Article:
Federal Reserve Bank of Chicago Detroit Branch Annex

People: Minoru Yamasaki

Date: 1951

City: Detroit

Michigan State Historic Preservation Office, photo by Rob Yallop.

The Federal Reserve Bank of Chicago Detroit Branch operated on this site from 1927 until 2005. The Federal Reserve Building Annex is significant for being the first important building to rise downtown in the post-World War II era. It was designed by architect Minoru Yamasaki when he was with the firm of Smith, Hinchman and Grylls, just prior to establishing his own practice and earning fame in his own right. With its thin curtain wall of alternating bands of green glass and marble veneer, thirty-foot setback and entrance plaza containing raised landscaped beds, the Federal Reserve Annex was the first example of modern era architecture and planning in downtown Detroit and was right at the leading edge of the Modern Movement in America. The Federal Reserve Bank of Chicago comprises two attached and interconnected steel-frame structures: a 3-1/2-story marble-faced Neoclassical bank building standing at the corner of Congress and West Fort Streets and an eight-story International style Annex.


The Annex is an International style curtain wall structure faced with alternating horizontal bands of tinted green glass and white marble spandrel panels supported by a stainless steel grid. The Annex contains the first-floor entrance to the banking lobby and office area. A plaza and raised planting beds in front of the Annex were planned to provide rare green space in downtown. The floor plates of the two buildings are aligned, the original building's interior having been gutted and converted to three stories to align with the floor plan of the Annex when the Annex was built. The fourth floor of the original building was completely demolished, and a penthouse placed on the roof provides space for a cafeteria, meeting rooms and a terrace. Both buildings have flat roofs.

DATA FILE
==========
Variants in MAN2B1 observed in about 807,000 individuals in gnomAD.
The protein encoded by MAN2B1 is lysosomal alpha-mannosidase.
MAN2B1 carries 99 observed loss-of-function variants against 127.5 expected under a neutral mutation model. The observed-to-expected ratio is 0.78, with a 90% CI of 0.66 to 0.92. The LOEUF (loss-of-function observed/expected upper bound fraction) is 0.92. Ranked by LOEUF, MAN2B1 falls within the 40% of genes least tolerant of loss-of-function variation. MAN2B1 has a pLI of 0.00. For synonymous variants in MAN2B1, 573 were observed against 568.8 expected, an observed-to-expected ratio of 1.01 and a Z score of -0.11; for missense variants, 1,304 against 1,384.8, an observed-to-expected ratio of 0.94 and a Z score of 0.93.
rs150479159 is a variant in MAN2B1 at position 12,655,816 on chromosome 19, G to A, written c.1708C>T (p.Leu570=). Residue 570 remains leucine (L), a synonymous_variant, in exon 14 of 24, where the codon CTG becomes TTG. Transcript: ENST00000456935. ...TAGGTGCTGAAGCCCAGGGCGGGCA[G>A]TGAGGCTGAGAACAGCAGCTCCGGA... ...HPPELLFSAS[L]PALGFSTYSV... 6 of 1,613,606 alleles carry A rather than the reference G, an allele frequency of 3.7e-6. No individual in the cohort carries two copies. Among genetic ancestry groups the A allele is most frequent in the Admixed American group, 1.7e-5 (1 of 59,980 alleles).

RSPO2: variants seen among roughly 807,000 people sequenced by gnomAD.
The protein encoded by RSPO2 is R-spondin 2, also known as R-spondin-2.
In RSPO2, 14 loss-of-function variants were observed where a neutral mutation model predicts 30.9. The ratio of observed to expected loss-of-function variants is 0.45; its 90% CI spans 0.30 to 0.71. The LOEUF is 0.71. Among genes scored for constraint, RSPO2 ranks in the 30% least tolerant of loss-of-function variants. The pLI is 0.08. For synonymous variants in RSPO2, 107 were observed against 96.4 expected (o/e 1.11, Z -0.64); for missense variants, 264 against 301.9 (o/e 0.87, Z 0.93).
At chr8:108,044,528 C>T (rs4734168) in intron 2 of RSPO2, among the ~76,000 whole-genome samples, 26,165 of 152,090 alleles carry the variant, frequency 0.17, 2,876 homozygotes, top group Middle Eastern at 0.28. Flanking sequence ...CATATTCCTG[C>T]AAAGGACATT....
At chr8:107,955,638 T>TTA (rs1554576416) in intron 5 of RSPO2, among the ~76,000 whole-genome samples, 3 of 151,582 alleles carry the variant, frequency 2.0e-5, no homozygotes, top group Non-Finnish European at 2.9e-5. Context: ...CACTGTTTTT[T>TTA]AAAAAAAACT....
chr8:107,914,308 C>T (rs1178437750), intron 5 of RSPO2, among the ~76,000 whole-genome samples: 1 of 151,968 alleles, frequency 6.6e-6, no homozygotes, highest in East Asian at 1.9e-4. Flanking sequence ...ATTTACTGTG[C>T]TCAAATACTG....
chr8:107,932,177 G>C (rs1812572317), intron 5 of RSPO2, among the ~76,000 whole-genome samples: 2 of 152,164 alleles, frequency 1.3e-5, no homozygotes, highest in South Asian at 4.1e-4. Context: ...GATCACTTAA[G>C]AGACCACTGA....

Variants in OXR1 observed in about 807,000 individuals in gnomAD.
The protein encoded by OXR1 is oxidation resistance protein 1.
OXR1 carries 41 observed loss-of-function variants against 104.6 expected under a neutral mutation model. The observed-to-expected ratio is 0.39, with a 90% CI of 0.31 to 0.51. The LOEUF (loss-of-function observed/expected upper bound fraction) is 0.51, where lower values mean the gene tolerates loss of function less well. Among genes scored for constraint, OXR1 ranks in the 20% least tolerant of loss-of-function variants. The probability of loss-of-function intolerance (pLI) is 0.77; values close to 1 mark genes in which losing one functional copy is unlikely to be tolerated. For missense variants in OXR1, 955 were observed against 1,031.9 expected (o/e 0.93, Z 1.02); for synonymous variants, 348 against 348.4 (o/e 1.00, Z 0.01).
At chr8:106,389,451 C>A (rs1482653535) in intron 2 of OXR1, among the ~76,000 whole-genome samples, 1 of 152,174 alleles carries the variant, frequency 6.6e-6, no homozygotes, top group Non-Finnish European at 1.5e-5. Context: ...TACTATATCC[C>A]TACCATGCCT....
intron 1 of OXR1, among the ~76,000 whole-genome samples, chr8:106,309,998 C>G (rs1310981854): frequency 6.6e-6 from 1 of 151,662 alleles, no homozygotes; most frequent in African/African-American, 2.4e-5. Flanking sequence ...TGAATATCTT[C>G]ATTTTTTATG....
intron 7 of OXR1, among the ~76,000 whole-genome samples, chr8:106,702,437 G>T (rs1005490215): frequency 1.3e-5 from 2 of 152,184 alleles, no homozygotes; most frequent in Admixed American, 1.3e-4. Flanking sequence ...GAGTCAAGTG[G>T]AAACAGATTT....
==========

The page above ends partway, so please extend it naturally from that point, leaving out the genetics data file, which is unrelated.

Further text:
Yamasaki's Federal Reserve Bank of Chicago Detroit Branch Annex brought downtown Detroit's architecture into the Modern era. Detroit's first curtain wall building, the eight-story Annex, is interconnected with the 3-1/2-story marble-faced neoclassical bank building to its west (Graham, Anderson, Probst and White, architects, 1926-27). The Annex was consciously designed to not mimic the earlier monumental building; it was to make a statement of its own.


Yamasaki stated at many different times and in many different ways, that "The purpose of architecture is to create an atmosphere in which man can live, work and enjoy." The Annex is set back from the front of the earlier building behind a thirty-foot deep landscaped plaza with raised planting beds, providing a rare green space downtown.


(Text excerpted from the Federal Reserve Bank of Chicago Detroit Branch National Register of Historic Places Registration Form and the Civic Center/Financial District Tour script developed by the City of Detroit Historic Designation Advisory Board staff.)